Non-Fiction Book Reviews

Book Review: Mark Hearld's Work Book

By Sandy Amazeen Jan 21, 2013, 7:20 GMT

Book Review: Mark Hearld's Work Book

The artist Mark Hearld finds his inspiration in the flora and fauna of the British countryside: a blue-eyed jay perched on an oak branch; two hares enjoying the spoils of an allotment; a mute swan standing at the frozen water\'s edge; and a sleek red fox prowling the fields. Hearld admires such twentieth-century artists as Edward Bawden, John Piper, Eric Ravilious and Enid Marx, and, like them, he chooses to ...more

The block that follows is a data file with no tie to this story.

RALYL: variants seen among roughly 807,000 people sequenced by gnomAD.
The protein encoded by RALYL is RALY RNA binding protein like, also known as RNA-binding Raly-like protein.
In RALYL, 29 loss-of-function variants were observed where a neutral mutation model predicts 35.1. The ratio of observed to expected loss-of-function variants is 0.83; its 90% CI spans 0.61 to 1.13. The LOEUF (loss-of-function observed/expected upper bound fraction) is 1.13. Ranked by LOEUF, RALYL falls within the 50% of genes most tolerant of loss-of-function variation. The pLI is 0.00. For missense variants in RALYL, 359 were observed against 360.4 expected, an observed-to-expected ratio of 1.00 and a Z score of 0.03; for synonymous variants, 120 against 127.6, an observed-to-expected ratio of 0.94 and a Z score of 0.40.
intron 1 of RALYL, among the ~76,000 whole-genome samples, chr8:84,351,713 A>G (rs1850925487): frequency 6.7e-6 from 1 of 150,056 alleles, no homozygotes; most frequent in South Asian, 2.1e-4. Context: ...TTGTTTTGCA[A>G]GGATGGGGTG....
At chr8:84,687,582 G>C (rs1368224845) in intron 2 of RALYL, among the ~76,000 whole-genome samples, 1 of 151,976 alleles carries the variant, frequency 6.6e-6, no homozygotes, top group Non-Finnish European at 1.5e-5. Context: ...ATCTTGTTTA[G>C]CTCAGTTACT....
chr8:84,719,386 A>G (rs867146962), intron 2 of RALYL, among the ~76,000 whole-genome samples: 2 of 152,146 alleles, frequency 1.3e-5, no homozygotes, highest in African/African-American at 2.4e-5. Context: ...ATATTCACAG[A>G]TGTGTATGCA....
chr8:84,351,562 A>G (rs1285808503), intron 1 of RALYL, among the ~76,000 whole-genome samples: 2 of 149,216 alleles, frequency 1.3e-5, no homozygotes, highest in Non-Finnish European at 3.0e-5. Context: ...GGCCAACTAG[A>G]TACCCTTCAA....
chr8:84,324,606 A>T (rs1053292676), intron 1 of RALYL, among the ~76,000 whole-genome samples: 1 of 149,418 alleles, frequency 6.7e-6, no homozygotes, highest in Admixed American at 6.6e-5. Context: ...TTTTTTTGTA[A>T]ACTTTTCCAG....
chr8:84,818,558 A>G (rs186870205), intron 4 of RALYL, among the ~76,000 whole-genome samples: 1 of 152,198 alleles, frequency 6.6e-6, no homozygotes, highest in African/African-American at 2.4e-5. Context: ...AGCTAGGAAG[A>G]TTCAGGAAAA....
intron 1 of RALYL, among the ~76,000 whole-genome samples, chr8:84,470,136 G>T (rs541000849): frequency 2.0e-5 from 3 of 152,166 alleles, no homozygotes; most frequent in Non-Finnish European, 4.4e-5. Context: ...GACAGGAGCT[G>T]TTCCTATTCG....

Simplistic and charming, this collection of over two hundred assorted works of artist Mark Hearld revels in his almost childlike delight in color and the common creatures most people ignore. From pigeons to robins and squirrels to fish, each animal is rendered with the overriding impression of joy regardless of the medium used. A multitalented artist, Hearld works with paint, paper, textiles and prints with impressive ease and what’s more, shares his sources of inspiration while explaining a bit of what went into creating much of the work showcased here. Whether you are a fan of Hearld’s work or discovering it for the first time, this book is a treat simply to flip through and will appeal to children and adults alike.

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